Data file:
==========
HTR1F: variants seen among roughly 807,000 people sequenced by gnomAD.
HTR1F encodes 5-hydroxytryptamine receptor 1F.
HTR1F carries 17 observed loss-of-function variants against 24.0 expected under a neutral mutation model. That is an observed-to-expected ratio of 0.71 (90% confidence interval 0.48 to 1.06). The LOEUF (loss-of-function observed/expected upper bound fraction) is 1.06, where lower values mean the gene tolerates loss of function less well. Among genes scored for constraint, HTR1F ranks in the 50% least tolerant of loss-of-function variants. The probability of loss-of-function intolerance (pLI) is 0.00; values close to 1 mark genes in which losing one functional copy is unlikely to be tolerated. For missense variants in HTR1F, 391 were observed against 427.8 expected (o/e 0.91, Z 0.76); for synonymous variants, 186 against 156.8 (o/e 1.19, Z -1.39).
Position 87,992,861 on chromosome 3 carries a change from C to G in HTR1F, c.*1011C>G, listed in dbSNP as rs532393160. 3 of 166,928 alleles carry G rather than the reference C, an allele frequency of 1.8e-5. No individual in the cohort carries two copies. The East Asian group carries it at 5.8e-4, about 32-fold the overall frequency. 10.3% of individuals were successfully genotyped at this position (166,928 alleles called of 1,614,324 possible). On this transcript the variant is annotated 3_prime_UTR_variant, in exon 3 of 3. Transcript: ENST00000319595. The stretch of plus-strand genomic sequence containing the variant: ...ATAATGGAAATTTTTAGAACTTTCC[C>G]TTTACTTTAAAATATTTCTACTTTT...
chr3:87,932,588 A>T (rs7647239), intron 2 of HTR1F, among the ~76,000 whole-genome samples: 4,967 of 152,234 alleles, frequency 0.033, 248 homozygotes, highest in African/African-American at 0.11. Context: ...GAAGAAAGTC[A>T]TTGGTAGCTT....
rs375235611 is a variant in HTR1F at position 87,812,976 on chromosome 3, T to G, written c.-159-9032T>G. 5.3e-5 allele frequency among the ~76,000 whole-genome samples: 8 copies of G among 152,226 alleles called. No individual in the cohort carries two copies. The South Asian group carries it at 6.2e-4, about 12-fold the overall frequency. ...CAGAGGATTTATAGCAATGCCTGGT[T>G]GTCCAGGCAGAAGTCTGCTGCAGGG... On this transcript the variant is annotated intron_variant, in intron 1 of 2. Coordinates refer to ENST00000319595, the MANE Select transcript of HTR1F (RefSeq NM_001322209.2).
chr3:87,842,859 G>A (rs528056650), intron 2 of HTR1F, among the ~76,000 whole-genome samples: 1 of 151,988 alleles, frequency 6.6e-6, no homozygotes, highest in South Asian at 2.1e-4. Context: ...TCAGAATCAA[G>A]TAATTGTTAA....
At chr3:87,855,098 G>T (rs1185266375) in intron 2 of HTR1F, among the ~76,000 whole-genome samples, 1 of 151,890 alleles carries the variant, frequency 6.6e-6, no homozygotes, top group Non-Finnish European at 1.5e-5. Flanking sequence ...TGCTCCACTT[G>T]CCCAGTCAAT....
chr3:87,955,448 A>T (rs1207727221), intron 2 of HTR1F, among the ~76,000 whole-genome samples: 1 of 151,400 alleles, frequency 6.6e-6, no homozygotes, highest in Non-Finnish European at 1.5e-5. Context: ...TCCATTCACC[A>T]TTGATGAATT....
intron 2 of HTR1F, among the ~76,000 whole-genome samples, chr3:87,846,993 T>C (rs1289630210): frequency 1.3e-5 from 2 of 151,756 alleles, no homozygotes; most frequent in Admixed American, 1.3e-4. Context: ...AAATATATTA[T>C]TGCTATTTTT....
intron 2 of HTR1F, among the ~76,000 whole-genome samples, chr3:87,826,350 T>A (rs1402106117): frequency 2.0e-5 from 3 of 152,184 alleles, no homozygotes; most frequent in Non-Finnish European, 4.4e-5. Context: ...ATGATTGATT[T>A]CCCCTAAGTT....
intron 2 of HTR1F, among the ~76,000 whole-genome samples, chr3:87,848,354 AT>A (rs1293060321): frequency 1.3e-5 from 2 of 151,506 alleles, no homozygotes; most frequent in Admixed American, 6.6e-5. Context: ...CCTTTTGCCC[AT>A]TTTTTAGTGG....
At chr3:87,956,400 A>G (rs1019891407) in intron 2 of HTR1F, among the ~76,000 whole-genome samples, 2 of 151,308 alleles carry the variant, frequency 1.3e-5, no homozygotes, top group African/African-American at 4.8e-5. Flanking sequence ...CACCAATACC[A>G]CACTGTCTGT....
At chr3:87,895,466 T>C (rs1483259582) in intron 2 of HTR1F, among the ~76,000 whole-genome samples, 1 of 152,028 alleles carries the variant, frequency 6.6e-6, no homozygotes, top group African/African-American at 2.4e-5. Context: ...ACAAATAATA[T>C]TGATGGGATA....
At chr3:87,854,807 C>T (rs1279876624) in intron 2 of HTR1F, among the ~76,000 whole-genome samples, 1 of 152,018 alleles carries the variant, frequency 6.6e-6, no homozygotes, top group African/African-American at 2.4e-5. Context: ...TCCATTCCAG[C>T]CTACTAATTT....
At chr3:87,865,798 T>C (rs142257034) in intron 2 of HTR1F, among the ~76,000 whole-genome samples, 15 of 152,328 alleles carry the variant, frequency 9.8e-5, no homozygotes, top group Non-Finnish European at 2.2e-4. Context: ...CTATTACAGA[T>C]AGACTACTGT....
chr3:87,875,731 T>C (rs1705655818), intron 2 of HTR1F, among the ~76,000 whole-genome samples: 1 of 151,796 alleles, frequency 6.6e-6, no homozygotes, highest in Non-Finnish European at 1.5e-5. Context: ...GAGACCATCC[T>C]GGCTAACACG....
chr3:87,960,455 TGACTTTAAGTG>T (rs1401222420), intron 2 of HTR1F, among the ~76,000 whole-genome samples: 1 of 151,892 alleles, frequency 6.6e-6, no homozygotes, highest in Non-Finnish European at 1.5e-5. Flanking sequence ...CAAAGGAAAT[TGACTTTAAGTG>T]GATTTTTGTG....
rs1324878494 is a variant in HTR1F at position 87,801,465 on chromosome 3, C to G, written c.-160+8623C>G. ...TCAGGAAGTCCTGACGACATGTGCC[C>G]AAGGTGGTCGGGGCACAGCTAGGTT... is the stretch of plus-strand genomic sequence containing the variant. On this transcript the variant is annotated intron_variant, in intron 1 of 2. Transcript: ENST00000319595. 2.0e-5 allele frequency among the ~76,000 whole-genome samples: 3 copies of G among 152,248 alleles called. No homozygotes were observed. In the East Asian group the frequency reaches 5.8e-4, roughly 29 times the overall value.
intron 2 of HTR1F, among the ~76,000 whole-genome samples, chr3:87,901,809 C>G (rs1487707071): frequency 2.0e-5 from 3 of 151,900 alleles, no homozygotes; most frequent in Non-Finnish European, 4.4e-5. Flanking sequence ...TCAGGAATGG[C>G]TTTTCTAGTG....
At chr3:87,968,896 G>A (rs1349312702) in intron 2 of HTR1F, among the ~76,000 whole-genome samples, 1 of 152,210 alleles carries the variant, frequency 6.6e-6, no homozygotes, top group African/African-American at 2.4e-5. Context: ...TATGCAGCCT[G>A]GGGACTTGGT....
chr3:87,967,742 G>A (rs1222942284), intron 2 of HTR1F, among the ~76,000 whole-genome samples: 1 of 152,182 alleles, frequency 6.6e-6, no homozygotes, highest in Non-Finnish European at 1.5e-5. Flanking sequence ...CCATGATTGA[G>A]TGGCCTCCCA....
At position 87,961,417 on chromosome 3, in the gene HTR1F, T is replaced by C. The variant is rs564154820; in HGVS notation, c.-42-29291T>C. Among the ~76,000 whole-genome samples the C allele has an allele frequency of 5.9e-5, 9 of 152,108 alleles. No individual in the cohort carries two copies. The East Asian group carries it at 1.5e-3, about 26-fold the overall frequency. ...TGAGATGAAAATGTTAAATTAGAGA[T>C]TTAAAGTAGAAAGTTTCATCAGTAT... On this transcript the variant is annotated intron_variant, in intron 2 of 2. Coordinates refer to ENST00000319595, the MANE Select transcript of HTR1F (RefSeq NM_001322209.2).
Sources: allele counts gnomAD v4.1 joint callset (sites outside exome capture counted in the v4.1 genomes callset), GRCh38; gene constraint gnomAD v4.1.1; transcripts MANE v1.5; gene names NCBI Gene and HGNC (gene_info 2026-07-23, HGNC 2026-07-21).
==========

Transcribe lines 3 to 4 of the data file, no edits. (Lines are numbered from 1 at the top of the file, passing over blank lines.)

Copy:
HTR1F carries 17 observed loss-of-function variants against 24.0 expected under a neutral mutation model. That is an observed-to-expected ratio of 0.71 (90% confidence interval 0.48 to 1.06). The LOEUF (loss-of-function observed/expected upper bound fraction) is 1.06, where lower values mean the gene tolerates loss of function less well. Among genes scored for constraint, HTR1F ranks in the 50% least tolerant of loss-of-function variants. The probability of loss-of-function intolerance (pLI) is 0.00; values close to 1 mark genes in which losing one functional copy is unlikely to be tolerated. For missense variants in HTR1F, 391 were observed against 427.8 expected (o/e 0.91, Z 0.76); for synonymous variants, 186 against 156.8 (o/e 1.19, Z -1.39).
Position 87,992,861 on chromosome 3 carries a change from C to G in HTR1F, c.*1011C>G, listed in dbSNP as rs532393160. 3 of 166,928 alleles carry G rather than the reference C, an allele frequency of 1.8e-5. No individual in the cohort carries two copies. The East Asian group carries it at 5.8e-4, about 32-fold the overall frequency. 10.3% of individuals were successfully genotyped at this position (166,928 alleles called of 1,614,324 possible). On this transcript the variant is annotated 3_prime_UTR_variant, in exon 3 of 3. Transcript: ENST00000319595. The stretch of plus-strand genomic sequence containing the variant: ...ATAATGGAAATTTTTAGAACTTTCC[C>G]TTTACTTTAAAATATTTCTACTTTT...